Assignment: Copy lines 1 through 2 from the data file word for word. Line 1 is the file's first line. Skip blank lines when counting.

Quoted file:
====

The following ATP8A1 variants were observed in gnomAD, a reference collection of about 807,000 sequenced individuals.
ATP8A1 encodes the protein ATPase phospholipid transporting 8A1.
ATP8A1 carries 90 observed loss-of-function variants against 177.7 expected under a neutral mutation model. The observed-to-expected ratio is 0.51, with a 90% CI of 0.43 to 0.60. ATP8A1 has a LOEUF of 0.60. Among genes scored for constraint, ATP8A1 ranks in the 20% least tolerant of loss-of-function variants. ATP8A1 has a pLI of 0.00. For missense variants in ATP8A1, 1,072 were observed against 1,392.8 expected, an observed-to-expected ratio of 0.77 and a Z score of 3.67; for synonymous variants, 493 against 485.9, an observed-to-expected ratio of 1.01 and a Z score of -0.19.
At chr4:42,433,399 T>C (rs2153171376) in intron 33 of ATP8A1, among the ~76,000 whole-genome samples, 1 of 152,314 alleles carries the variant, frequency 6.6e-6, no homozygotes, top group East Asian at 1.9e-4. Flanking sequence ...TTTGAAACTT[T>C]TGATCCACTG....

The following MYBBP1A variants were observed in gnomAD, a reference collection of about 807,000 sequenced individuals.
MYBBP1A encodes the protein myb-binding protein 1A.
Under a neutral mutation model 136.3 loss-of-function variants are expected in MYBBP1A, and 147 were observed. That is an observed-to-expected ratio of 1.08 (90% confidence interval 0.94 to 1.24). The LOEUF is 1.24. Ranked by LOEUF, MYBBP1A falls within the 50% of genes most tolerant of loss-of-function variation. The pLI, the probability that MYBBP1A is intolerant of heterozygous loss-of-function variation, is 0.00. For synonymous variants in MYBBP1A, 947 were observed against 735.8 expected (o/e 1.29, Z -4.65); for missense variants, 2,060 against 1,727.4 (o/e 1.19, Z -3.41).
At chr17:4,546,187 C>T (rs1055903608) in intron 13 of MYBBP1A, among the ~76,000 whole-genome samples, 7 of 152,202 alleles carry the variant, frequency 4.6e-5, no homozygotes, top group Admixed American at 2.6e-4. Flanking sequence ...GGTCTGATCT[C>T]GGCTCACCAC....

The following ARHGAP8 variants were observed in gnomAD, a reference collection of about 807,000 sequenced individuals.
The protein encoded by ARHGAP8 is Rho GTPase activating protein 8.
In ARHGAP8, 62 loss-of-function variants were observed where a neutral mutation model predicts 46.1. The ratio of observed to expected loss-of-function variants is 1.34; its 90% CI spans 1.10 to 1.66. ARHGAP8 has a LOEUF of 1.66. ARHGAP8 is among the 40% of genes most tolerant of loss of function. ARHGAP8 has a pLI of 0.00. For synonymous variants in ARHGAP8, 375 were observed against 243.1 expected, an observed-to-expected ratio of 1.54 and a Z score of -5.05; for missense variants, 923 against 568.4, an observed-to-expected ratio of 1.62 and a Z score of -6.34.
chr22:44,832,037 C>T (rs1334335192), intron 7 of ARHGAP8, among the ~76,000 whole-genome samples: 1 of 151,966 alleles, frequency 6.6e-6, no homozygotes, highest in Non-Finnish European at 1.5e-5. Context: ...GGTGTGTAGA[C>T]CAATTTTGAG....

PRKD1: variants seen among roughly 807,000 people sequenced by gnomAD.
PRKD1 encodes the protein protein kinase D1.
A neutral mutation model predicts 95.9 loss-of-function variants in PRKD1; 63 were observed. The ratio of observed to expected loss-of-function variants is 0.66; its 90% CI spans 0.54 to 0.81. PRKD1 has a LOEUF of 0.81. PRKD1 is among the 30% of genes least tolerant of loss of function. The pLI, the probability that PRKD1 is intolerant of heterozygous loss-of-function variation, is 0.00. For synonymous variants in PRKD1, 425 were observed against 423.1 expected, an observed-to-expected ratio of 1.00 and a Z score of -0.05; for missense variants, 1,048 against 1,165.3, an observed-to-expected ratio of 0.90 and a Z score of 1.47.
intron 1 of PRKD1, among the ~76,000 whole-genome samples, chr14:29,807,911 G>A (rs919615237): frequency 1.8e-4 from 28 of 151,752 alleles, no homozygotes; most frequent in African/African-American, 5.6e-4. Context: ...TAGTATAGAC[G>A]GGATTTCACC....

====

The following ATP8A1 variants were observed in gnomAD, a reference collection of about 807,000 sequenced individuals.
ATP8A1 encodes the protein ATPase phospholipid transporting 8A1.